404 pages come up a lot in SEO audits and also with designers looking to be a bit more creative.
Blending good design with SEO compliance and usability sometimes doesn’t always go to plan, which may be surprising given how trivial a 404 page may seem.
But 404 pages are not rare – they occur on even the most well maintained site.
So it’s worth looking at Google Search Console to find out if there are any 404s, look at why they’re being triggered and what message you give to users when they happen.
Recently, one of my favourite web design sites, Web Designer Depot, discusses 5 ways to use 404 pages well written by James George.
I generally agree with the sentiment behind the article.
The 404 page on your website should be customised (as opposed to a plain server driven one) and it should be useful.
Otherwise it’s not working in your favour.
As someone with a background in design and an even bigger background in SEO & Digital Marketing, I’m throwing in my my tuppence worth on the matter.
I’ve had many battles with clients when it comes to the 404 page, often just trying to keep things ‘within brand guidelines’.
The 1st point talks about linking to your best content.
I agree with this. Giving people suggestions of where to explore (even though those pages may be in the site nav) is a great way to keep them on the site and to help them continue their journey.
Just make sure your link placement is clear and it wouldn’t hurt to use a heatmap tool to see how people interact with this page.
The 2nd point suggests giving out a freebie in exchange for their email address.
I haven’t come across this in my experience and I understand what this tries to achieve but I’m not sure of how well this would convert.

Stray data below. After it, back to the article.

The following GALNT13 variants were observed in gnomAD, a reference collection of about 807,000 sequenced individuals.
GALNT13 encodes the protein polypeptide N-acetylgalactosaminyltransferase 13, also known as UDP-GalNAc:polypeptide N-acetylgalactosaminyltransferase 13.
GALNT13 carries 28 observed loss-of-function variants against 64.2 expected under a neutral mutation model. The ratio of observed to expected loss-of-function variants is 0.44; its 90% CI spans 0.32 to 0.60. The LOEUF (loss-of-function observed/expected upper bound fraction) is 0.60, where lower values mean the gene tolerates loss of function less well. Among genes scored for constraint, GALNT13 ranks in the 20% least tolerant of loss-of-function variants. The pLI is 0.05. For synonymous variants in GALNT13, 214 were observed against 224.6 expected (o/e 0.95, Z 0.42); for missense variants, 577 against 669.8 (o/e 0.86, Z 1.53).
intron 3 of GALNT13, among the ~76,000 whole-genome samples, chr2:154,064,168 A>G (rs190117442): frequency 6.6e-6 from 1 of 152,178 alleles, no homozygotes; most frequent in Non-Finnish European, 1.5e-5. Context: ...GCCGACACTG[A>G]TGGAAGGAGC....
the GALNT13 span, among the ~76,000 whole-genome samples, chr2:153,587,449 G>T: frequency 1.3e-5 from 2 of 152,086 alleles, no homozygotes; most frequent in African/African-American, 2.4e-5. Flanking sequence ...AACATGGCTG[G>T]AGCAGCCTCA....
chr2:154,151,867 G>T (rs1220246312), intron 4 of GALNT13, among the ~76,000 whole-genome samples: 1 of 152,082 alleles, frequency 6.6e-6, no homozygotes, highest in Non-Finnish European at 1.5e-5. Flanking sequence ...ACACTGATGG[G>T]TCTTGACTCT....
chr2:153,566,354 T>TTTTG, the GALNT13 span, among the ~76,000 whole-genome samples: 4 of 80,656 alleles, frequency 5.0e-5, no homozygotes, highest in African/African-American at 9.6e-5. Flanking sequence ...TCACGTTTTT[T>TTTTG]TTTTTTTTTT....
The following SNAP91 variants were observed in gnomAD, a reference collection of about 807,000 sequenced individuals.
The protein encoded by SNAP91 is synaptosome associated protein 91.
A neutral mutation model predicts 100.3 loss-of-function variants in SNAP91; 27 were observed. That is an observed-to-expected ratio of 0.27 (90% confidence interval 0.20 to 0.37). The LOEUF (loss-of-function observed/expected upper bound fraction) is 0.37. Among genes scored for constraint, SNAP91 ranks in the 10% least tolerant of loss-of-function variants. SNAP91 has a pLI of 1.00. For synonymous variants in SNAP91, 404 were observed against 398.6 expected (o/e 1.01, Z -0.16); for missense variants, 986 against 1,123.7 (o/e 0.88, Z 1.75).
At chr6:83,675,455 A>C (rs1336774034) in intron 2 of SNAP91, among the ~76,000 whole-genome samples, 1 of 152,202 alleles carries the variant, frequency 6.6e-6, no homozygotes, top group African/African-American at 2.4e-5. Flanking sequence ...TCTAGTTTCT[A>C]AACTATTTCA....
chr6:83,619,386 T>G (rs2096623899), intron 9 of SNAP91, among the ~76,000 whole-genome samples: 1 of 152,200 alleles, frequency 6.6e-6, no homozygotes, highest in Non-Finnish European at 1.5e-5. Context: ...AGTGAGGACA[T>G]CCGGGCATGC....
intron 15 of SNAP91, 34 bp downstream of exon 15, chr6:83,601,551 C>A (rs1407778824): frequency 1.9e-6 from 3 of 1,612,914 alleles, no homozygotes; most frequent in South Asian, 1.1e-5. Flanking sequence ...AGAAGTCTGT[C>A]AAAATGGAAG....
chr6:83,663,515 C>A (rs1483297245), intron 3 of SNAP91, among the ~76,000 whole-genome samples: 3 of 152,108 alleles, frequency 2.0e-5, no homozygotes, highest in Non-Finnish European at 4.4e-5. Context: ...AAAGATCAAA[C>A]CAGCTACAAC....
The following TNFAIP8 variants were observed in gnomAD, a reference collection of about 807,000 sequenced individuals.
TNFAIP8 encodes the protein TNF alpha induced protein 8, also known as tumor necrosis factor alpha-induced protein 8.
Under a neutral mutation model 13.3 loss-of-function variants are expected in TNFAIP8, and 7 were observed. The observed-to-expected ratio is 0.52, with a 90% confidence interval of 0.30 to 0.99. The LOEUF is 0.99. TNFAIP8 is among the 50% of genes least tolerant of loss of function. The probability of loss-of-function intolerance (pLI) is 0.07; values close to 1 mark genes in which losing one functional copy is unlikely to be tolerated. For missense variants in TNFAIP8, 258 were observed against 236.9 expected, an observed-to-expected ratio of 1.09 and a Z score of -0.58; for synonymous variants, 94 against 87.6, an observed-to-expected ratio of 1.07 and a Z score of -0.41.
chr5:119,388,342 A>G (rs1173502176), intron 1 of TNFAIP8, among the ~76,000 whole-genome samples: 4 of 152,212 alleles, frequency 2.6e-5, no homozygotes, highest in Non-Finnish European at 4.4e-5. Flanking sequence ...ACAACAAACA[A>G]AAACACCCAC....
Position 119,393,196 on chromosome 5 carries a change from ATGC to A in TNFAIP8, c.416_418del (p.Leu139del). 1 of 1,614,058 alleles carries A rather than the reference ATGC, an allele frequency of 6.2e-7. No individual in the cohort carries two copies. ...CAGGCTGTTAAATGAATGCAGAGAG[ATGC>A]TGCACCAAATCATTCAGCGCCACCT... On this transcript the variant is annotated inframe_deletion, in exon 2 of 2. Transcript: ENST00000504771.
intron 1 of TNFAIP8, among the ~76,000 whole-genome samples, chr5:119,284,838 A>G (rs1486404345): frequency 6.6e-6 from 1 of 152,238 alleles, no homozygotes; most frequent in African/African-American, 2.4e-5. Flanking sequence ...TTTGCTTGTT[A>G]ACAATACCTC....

Some sites have great success when they throw an email subscription box in your face randomly but in the context of a 404 page, I guess it remains to be seen how effective this would be.
But I don’t disagree with this point – I’ve just not seen it in the wild in my own limited experience.
If you use this, I’d love to learn more about how this works for you, especially if you’ve got other ways of capturing email addresses on your site.
The 3rd point recommends adding a search box and the example screenshot shows twitter’s 404 page.
This is excellent because of the context – it’s not like twitter has landing pages to send you to (like e-commerce or a service provider) so it merely suggests searching by username, first or last name.
I like this and think for an online store, this would work well in combination with linking to your best content (refer to 1st point).
Like the 1st point, using a heatmap tool would be insightful. I highly recommend Hotjar for this.
The 4th point says to add a contact form to the page because although the user didn’t find what they were looking for, for whatever reason, the contact form still gives them a quick easy way to contact you – and this would be useful if they were short on time, for example.
It also views this tactic as a way to get bugs reported more easily and that’s always a good thing.
The 5th point is something I don’t agree with – because it says don’t use humour but the example used isn’t funny – it’s just condescending and rude.
A lot of great 404 pages use humour and it’s really about being in good taste.
Accusing your users of being stupid isn’t funny – and I say this having done a bit of tech support in my time!
Sure, more often than not, it’s a classic case of PEBKAC but doesn’t mean your 404 page can’t be funny.
If however your attempt at humour gets in the way of being helpful, then it’s not worth the effort.
So what if you’ve got a funny comic or caricature?
Does it help the user understand what’s just happened or why they ended up on this page?
Does it give them options on what to do next? if it doesn’t, then you need to rethink your 404 page strategy.
As with the conclusion of the article, I agree – you shouldn’t really be doing all of the above on your 404 page.
What you should be doing is looking at what will work best within the context of your site.
Above all else, being useful to your site visitors should be your primary focus.
Which is why I agree with one of the commenters who says not to label it as 404 (to users) because most people don’t now what it is.
I know people are getting smarter and many will associate 404 with an error but look beyond the status code and do something practical with your 404 page.
Pro tip: setup Google Search Console for your website to monitor how Google crawls your site and identify 404 errors that may come up – you’ll be richer for the experience, trust me!